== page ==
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The ANZAC Legend

Legends Year 9 Integrated Studies 2013
by

Sarah Merat

on 15 November 2013

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Transcript of The ANZAC Legend

The ANZAC Legend The story of the Gallipoli landing inspired the legend of ANZAC, which since then has been developed, expanded, embellished, confirmed, and sometimes challenged. It still remains central to many Australians’ self-image. What is the ANZAC Legend? Before the war a largely urbanised and newly federated nation had looked to its rural environment for its national character. The “bushmen”, and their women, were seen to possess hardiness, democratic spirit, mateship, and resourcefulness. In 1914, most Australians had high hopes that their soldiers would prove the nation’s worth. These hopes were realised in the colourful descriptions of their men in action following the landing at Gallipoli. The bushmen’s perceived characteristics were now applied, along with dash and courage in battle, to the ANZAC stereotype. These were soon extended to those who served on the Western front, where the term “digger” was also used to describe the Australian soldier. The legend of ANZAC was born on 25 April 1915, and was reaffirmed in eight months’ fighting on Gallipoli. Although there was no military victory, the Australians displayed great courage, endurance, initiative, discipline, and mateship. Such qualities came to be seen as the ANZAC spirit.

Many saw the ANZAC spirit as having been born of egalitarianism and mutual support. According to the stereotype, the ANZAC rejected unnecessary restrictions, possessed a sardonic sense of humour, was contemptuous of danger, and proved himself the equal of anyone on the battlefield. Consider the following statements: The Anzac Legend has become a major part of Australian life. Any politician who seeks office must pay homage to the legend, football players sometimes claim the Anzac spirit gets them through a game and thousands of Australians journey to Gallipoli each 25 April to take part in the dawn service at Anzac Cove. "It is a story of great valour under fire, unity of purpose and a willingness to fight against the odds that has helped to define what it means to be an Australian." Following the death of Alec Campbell, the last Anzac soldier to die, Prime Minister John Howard said on 17 May 2002: "Today is about compassion, about endurance against overwhelming odds, about mateship, it is about a ‘fair go’ – these are the values that were lived by our Anzacs and our Aussie boys on the Western Front and at Gallipoli." On Anzac Day 2002, the NSW Veterans Affairs Minister, Danna Vale, said: The Unknown Australian Soldier whom we are interring today was one of those who, by his deeds, proved that real nobility and grandeur belongs, not to empires and nations, but to the people on whom they, in the last resort, always depend.

That is surely at the heart of the ANZAC story, the Australian legend which emerged from the war. It is a legend not of sweeping military victories so much as triumphs against the odds, of courage and ingenuity in adversity. It is a legend of free and independent spirits whose discipline derived less from military formalities and customs than from the bonds of mateship and the demands of necessity. It is a democratic tradition, the tradition in which Australians have gone to war ever since. On 11 November 1993, at the ‘Funeral Service of the Unknown Australian Soldier’, Prime Minister Paul Keating spoke as follows: These stories which have been passed been passed down about Gallipoli and the Western Front have coalesced to produce the Anzac Legend. It is argued that the elements of the legends have combined to produce the ‘true Australian spirit’.What are the elements of the legend?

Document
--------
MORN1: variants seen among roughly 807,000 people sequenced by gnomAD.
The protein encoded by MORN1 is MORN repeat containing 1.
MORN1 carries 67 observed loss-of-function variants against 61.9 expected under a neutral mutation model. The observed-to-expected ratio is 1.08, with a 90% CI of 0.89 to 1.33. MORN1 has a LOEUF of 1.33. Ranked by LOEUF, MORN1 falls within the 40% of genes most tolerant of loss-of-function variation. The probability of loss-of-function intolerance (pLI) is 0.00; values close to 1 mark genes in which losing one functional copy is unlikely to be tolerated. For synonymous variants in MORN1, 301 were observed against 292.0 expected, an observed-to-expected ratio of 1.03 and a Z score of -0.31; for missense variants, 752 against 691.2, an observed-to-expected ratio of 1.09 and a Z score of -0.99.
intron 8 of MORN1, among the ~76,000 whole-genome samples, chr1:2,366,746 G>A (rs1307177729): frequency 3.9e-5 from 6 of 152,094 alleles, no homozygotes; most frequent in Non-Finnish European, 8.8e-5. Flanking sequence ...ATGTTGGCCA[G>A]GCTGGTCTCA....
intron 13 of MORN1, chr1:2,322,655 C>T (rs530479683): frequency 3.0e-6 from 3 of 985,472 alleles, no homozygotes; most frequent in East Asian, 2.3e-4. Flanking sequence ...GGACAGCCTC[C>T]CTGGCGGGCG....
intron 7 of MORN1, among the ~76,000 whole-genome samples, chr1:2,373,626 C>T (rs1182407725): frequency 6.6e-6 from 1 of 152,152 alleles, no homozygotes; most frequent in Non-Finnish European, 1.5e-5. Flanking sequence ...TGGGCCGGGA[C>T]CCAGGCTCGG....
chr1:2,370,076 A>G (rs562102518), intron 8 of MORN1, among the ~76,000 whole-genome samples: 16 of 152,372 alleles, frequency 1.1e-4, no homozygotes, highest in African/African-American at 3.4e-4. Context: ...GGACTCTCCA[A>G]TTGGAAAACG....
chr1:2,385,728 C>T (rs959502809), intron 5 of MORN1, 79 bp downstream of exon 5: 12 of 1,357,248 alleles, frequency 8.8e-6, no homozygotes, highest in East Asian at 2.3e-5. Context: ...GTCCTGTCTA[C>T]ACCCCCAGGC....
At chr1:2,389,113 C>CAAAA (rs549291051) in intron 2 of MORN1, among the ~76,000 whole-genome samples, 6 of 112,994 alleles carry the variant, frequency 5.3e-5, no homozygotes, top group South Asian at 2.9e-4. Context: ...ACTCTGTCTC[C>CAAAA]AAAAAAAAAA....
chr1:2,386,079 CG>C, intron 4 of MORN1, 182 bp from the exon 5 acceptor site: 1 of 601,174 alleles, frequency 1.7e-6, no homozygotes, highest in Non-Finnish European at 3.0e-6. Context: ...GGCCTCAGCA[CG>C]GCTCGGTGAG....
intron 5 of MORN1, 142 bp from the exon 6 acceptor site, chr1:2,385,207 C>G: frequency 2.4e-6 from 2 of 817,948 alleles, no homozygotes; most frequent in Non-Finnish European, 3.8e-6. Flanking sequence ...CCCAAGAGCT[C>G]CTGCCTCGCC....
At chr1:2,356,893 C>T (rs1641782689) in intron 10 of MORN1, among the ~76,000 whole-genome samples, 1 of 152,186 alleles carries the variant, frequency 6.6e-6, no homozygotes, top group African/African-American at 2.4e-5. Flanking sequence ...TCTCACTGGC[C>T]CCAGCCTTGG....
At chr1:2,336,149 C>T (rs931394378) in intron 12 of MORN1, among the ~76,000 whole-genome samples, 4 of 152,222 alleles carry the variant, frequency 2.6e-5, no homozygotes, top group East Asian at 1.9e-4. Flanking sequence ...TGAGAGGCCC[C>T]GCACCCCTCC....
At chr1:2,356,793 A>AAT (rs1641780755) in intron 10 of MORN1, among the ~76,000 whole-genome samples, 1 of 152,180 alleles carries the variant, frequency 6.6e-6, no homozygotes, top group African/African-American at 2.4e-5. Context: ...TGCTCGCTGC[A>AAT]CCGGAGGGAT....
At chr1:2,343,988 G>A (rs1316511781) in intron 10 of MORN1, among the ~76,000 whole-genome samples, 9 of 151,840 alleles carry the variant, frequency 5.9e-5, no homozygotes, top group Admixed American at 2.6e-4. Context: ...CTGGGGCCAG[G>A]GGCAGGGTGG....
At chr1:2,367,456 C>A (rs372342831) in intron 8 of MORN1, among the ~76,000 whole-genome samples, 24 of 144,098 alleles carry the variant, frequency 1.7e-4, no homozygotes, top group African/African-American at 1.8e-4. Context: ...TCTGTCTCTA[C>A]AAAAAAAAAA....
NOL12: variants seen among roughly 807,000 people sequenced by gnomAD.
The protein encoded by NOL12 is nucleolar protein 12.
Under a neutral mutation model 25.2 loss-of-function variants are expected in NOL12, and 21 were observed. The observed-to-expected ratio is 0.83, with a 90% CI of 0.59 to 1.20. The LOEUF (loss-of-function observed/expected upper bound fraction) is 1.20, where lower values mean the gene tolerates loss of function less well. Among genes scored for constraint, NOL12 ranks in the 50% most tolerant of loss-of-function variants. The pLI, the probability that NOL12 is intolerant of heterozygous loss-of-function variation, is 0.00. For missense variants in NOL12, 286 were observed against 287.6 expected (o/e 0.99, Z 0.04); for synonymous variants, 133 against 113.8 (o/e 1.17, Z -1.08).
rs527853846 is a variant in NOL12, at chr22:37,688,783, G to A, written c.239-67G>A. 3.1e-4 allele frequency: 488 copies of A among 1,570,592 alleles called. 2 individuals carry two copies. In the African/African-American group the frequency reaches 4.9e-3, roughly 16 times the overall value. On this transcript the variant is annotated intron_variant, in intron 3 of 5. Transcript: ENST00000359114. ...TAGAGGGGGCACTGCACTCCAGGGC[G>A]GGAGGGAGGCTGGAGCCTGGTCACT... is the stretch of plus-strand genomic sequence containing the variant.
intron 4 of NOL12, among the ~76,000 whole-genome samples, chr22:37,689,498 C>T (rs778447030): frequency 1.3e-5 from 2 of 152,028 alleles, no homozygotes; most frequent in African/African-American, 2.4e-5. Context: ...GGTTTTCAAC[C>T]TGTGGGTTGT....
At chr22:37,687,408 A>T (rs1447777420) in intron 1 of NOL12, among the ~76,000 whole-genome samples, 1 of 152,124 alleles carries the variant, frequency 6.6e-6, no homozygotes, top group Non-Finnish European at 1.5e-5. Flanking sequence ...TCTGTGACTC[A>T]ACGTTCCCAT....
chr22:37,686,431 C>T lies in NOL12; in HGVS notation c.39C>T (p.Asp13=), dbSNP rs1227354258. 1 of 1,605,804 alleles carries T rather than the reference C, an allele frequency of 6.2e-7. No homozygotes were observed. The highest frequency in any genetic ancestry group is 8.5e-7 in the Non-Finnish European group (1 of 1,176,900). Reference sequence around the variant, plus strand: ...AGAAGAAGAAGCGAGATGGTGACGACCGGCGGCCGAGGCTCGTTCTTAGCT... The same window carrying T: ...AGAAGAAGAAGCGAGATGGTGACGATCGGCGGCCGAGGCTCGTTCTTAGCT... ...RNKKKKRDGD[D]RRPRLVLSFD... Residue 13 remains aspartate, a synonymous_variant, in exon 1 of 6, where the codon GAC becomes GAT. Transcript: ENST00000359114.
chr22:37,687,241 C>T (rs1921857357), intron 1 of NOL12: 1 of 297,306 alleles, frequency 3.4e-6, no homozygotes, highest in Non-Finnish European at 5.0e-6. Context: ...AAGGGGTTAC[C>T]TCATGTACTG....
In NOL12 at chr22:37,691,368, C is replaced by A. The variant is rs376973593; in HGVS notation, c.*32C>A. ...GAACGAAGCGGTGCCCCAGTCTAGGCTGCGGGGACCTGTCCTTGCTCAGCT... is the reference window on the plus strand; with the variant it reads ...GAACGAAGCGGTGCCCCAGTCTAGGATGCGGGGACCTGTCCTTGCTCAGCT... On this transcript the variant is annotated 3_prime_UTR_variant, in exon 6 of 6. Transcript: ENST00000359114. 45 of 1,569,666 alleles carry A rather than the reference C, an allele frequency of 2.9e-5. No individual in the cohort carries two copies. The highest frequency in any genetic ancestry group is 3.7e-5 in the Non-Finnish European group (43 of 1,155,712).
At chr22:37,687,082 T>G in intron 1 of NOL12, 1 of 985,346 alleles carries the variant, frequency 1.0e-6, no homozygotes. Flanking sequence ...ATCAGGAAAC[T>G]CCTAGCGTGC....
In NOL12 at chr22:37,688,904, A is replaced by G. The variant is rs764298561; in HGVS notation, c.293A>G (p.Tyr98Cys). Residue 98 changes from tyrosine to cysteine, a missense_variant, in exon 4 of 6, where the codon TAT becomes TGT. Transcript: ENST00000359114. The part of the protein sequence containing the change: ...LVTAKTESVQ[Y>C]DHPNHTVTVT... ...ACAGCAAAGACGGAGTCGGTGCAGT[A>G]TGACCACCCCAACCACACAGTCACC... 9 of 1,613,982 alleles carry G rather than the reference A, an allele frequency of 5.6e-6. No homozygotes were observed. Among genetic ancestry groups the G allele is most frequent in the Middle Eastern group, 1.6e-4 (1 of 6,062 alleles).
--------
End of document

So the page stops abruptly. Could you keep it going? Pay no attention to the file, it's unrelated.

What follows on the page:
Questions
1. Identify the three key elements John Howard sees as part of the Anzac Legend in Statement 1.
2. What does Danna Vale add to the list in Statement 2?
3. In Statement 3, Paul Keating refers to similar things, but he also emphasises other elements of the Anzac Legend. Identify them. Elements of the ANZAC Legend Australian-born, though raised in Britain, Charles Bean returned home in 1904, aged 25. He became a newspaper writer and in 1909 he was sent to western New South Wales to write about the wool industry. Rural Australia inspired him, for here he believed were the distinctive virtues and values of the ideal Australian: Bushmen, Mateship, Bravery and a Spirit of independence (sound familiar?)

In 1914 Bean was selected to accompany the AIF as official war correspondent. He joined the troops in Egypt and on Gallipoli, and later on the Western Front. Bean landed at Gallipoli on 25 April 1915, carried towards the shore in HMS Ribble. But his account of the landing was not the first to reach Australia: he had to wait until he was accredited before he could submit his stories to the home newspapers. Eventually, he would become the only correspondent to cover the campaign to its end. He was later appointed to write the official history of Australia in the war.

Bean was a close observer of the Australian soldiers. He cannot be credited with creating the ANZAC legend for the troops did that, but he verbalised it and enshrined it for a receptive public in his volumes of the Official history of Australia in the war of 1914–18. Charles Edwin Woodrow Bean (CEW Bean) How Important, and True, is the Legend?
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